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Thailand: PDPC publishes draft notification on criteria for deletion or destruction of personal data or de-identifying personal data

On June 13, 2024, the Personal Data Protection Committee (PDPC) released a draft notification for public consultation on criteria for deletion or destruction of personal data or de-identifying personal data.


The PDPC clarified that the draft notification is set to clarify the criteria for the application of Section 33 of the Personal Data Protection Act 2019 (PDPA) regarding the right to request that the data controller delete, destroy, or de-identify personal data.

Deletion, destruction, or de-identification

The draft notification outlined, among other things:

  • the request to delete, destroy, or de-identify personal data must be processed without delay but not later than 60 days from the date of receipt of the request;
  • the request must cover copies and backups of personal data (if any), and the data controller must ensure, using any means reasonably necessary, that no one can recover personal information, reverse the deletion, or identify, directly or indirectly, the person who owns the personal data;
  • if the deletion, destruction, or de-identification is not immediately possible, the controller must put in place organizational, technical, and physical measures to ensure that the personal information:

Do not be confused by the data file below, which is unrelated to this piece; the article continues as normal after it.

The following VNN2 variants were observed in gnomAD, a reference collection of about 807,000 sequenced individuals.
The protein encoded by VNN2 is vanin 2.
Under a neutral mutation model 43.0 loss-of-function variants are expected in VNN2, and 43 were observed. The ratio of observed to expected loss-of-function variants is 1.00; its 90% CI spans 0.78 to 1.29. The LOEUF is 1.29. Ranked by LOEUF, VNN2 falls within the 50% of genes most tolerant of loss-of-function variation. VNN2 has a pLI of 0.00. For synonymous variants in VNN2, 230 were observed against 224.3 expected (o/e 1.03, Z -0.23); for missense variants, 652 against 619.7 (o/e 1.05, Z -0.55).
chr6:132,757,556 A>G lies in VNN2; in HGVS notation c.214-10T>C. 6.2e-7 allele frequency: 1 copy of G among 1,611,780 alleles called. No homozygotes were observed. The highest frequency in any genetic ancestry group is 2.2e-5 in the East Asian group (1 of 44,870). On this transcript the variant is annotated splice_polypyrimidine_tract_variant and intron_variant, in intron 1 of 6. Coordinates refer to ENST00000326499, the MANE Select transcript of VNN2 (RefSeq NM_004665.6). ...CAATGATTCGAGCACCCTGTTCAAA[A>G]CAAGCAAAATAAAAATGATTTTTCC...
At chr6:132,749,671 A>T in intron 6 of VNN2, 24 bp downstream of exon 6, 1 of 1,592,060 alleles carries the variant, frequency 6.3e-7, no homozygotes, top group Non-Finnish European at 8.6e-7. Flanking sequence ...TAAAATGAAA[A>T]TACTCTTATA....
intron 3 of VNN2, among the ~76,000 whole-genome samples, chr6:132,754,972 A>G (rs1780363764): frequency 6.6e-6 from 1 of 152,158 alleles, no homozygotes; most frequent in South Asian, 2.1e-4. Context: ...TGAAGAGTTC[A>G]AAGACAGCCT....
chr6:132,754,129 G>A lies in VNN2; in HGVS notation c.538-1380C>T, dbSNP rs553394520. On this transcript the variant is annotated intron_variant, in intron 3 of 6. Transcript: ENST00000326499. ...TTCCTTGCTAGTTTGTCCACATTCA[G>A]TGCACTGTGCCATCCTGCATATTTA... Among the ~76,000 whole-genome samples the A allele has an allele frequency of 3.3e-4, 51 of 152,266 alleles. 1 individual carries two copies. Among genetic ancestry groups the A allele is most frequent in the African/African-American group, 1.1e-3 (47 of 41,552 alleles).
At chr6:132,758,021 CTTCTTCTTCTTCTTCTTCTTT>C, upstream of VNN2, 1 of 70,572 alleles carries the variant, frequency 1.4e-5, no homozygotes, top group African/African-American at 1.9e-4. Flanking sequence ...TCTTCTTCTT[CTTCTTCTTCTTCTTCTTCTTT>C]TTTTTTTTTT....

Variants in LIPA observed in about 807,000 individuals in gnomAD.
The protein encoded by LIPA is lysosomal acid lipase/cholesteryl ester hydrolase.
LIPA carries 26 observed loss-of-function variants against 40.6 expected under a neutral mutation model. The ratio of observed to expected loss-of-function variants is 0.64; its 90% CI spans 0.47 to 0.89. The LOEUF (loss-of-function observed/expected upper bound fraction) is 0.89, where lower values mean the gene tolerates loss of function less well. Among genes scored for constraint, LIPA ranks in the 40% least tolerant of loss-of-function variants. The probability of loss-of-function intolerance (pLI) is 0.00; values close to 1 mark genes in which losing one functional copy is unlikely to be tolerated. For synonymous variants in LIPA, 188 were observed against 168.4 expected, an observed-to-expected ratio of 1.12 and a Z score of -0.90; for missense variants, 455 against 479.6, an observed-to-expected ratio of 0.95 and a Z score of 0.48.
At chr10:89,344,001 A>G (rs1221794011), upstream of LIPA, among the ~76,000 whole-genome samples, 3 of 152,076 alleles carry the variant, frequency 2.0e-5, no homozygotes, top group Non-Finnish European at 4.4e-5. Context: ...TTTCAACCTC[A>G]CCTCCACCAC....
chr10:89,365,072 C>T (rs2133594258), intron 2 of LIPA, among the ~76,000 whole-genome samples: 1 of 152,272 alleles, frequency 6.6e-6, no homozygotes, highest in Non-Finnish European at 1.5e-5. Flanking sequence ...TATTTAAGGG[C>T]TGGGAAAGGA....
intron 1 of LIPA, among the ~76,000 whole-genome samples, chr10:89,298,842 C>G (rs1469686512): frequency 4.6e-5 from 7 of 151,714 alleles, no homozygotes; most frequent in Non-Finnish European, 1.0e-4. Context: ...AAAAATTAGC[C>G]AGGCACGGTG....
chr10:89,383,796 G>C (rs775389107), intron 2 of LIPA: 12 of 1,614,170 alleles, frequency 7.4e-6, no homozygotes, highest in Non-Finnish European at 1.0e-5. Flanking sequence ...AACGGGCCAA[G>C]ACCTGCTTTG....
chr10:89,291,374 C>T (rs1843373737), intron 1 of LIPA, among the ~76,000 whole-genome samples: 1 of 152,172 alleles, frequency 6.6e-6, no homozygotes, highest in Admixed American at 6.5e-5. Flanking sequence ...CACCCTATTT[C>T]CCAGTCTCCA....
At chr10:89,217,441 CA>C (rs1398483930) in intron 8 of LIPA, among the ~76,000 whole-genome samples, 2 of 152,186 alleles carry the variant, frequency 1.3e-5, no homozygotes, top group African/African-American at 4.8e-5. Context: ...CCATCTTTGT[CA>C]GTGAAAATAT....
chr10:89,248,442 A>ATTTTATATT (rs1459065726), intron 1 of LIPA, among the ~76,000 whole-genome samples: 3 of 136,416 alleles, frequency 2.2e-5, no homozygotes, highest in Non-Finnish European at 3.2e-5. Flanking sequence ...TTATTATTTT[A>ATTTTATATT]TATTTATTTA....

• will not be accessed, used, or disclosed by the data controller or anyone else, even if it is still available;
    • cannot be used by the data controller to provide services, influence decisions, or take any action regarding the owner of the personal data; and
    • is protected appropriately according to the level of risk; and
  • if deletion, destruction, or de-identification is not possible due to technical reasons, the data controller must justify and document these reasons.

De-identification and anonymization

The draft notification stated that to de-identify or anonymize the personal information, the data controller must, among other things:

  • erase any direct identifiers of the owner of personal data, including name, national identification numbers, telephone number, pictures, and biometric data; 
  • ensure that the owner of personal data cannot be re-identified by keeping the information at a low level, using pseudonymization, or providing indirect identifiers; and
  • consider the technological factors, context, environment, and the nature or type of personal information concerned.

The draft notification also confirmed that the data controllers cannot legally refuse deletion, destruction, or de-identification requests and must notify the owner of the personal data that the request has been carried out.

What's next?

Comments may be submitted via the dedicated portal here until June 27, 2024. The draft will come into force from the day following the date of its publication in the Royal Gazette.

You can read the press release here and the draft announcement here, both only available in Thai.